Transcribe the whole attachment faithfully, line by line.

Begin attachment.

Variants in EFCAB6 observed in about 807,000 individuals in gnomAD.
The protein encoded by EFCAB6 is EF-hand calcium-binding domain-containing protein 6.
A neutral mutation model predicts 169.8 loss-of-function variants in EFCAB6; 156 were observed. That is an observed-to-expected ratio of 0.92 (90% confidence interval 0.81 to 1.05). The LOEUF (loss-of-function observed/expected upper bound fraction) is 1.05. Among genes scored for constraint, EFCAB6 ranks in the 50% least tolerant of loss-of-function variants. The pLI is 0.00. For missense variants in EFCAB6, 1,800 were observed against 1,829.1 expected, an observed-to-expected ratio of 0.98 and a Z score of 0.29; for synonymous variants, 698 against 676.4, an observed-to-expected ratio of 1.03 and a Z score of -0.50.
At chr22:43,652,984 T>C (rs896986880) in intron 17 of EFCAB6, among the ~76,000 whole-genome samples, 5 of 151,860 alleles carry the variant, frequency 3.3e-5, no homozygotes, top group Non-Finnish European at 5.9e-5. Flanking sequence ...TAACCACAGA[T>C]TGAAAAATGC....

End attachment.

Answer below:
Variants in EFCAB6 observed in about 807,000 individuals in gnomAD.
The protein encoded by EFCAB6 is EF-hand calcium-binding domain-containing protein 6.
A neutral mutation model predicts 169.8 loss-of-function variants in EFCAB6; 156 were observed. That is an observed-to-expected ratio of 0.92 (90% confidence interval 0.81 to 1.05). The LOEUF (loss-of-function observed/expected upper bound fraction) is 1.05. Among genes scored for constraint, EFCAB6 ranks in the 50% least tolerant of loss-of-function variants. The pLI is 0.00. For missense variants in EFCAB6, 1,800 were observed against 1,829.1 expected, an observed-to-expected ratio of 0.98 and a Z score of 0.29; for synonymous variants, 698 against 676.4, an observed-to-expected ratio of 1.03 and a Z score of -0.50.
At chr22:43,652,984 T>C (rs896986880) in intron 17 of EFCAB6, among the ~76,000 whole-genome samples, 5 of 151,860 alleles carry the variant, frequency 3.3e-5, no homozygotes, top group Non-Finnish European at 5.9e-5. Flanking sequence ...TAACCACAGA[T>C]TGAAAAATGC....